After the disinfection procedures, 10 samples from each group were subjected to CFU-counting evaluations. Five samples among them were split into three equal pieces (namely the coronal, middle, and apical regions of the root canal). Each specimen was placed into a sterile Eppendorf tube with 1 mL of physiological saline solution and sonicated at 7 W for 60 s using an ultrasonic device [12] (P5 Newtron XS, Satelec, France). After mixing, the liquid was diluted in log base 10 steps and 100 μL of each dilution was inoculated onto BHI agar plates, which were then incubated for 24 h at 37 °C under anaerobic conditions. Bacterial CFUs were observed and counted.

Examination by SEM

Another five samples from each group were fixed in 2.5% glutaraldehyde for 24 h. Following dehydration in graded concentrations of ethanol, the specimens were air dried, coated with a layer of platinum (Ion Sputter E-1045, Hitachi, Japan), and observed by SEM (S-4800, Hitachi, Japan).

The coronal, middle, and apical regions were examined. Photographs were taken at various magnifications ranging from 30× to 500,000× by the same operator. Two observers blinded to the group allocations evaluated the remaining smear layers based on a scoring system described by Takeda [13]. A score of 1 represents no smear layer or debris evident in the dentinal tubules; a score of 2 represents a few regions of dentinal tubules covered with a smear layer and debris, with most tubules cleaned and opened; a score of 3 represents that most regions of dentinal tubules were covered with a smear layer and debris with a few tubules cleaned and opened; and a score of 4 represents dentinal tubules completely covered with a smear layer and debris.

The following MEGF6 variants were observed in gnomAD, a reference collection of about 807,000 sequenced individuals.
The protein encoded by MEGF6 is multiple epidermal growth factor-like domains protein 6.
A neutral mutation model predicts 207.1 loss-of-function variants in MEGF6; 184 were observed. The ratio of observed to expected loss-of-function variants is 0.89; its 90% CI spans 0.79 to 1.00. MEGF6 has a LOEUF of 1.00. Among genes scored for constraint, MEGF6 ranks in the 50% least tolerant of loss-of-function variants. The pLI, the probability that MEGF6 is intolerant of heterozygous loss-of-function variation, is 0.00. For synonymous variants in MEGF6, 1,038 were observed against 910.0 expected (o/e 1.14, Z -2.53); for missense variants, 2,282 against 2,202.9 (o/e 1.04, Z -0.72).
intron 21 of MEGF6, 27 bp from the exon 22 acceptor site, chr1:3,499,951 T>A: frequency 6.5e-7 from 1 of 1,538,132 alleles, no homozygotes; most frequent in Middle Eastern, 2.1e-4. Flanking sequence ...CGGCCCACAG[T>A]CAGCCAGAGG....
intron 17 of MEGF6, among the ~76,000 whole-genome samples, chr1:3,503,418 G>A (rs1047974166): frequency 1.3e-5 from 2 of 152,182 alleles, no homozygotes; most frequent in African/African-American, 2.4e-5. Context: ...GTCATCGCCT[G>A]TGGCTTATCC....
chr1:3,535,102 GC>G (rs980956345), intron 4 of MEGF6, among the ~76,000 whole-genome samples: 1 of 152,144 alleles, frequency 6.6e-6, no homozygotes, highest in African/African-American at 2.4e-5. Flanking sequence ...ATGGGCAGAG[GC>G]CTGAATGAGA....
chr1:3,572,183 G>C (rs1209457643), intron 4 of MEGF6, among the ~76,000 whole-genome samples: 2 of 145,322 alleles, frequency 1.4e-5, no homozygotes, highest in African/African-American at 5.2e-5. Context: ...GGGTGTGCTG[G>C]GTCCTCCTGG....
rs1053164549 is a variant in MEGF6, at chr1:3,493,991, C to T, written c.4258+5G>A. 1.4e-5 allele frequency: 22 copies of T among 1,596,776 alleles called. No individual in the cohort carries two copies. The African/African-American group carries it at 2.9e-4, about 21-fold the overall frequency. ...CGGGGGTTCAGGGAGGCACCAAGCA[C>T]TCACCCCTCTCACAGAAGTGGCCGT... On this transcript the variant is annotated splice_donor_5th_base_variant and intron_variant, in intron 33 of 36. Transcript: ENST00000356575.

Analysis of CLM

The remaining samples were stained with a LIVE/DEAD BacLight Bacterial Viability Kit (L7012, Life, USA) for 15 min, in accordance with the manufacturers instructions. The stained samples were cut into three equal parts using a low-speed diamond saw (SYJ150, MTI, USA). The specimens were covered with aluminum foil to prevent light exposure and maintained at 4 °C. The samples were then mounted onto glass slides and visualized under an Olympus confocal laser scanning microscope (FV10-ASW, Olympus, Japan) at 20× magnification. Green and red fluorescence were detected using wavelengths of 488 nm and 543 nm, respectively. The digital images were imported into the Image-Pro Plus 6.0 program (MediaCybernetics, USA) to evaluate the efficacy of disinfection by measuring the green-to-red fluorescence area ratio in each portion.